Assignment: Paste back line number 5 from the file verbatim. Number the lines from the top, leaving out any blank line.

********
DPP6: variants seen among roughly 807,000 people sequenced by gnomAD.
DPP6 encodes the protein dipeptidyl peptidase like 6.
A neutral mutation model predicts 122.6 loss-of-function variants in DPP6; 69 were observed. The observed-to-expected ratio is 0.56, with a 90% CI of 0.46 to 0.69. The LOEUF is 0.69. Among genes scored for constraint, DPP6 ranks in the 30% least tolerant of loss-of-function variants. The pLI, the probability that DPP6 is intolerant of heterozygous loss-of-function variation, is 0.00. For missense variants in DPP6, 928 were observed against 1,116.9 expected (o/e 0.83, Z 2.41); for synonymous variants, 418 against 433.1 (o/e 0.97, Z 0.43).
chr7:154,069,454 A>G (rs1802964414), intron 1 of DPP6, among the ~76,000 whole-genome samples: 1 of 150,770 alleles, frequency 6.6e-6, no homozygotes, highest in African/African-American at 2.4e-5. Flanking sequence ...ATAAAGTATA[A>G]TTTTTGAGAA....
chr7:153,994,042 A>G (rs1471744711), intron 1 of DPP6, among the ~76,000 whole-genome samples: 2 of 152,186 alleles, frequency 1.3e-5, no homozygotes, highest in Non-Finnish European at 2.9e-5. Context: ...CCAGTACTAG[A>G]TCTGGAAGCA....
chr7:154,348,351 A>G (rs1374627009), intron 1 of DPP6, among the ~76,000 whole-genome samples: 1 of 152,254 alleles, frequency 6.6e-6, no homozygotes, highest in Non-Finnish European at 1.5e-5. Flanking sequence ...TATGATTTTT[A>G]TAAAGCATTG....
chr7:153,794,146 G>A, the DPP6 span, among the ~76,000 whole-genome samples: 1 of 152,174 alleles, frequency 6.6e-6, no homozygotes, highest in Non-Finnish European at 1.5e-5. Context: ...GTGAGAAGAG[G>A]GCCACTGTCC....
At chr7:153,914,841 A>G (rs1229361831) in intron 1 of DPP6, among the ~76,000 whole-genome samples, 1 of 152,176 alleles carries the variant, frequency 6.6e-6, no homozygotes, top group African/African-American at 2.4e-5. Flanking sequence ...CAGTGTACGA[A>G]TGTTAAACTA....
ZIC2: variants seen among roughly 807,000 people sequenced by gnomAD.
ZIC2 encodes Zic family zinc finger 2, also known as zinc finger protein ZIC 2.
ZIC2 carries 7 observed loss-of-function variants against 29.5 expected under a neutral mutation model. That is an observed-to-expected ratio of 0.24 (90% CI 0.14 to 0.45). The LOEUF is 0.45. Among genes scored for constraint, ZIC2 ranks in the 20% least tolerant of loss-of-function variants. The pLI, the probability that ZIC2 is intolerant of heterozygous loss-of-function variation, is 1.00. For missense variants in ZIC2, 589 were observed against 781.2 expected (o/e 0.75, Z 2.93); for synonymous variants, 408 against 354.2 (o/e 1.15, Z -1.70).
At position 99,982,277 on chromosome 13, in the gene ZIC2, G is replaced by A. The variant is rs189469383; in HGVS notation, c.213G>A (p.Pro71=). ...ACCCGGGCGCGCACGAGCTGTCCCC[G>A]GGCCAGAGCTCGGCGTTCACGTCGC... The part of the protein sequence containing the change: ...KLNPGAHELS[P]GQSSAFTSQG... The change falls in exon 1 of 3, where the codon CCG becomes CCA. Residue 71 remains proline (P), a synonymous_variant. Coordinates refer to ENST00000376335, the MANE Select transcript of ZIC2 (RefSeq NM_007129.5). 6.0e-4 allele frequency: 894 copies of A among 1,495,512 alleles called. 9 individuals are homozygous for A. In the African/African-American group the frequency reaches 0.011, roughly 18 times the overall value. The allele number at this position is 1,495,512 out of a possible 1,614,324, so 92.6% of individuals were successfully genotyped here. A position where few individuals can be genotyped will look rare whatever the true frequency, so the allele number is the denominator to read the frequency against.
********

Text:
chr7:153,994,042 A>G (rs1471744711), intron 1 of DPP6, among the ~76,000 whole-genome samples: 2 of 152,186 alleles, frequency 1.3e-5, no homozygotes, highest in Non-Finnish European at 2.9e-5. Context: ...CCAGTACTAG[A>G]TCTGGAAGCA....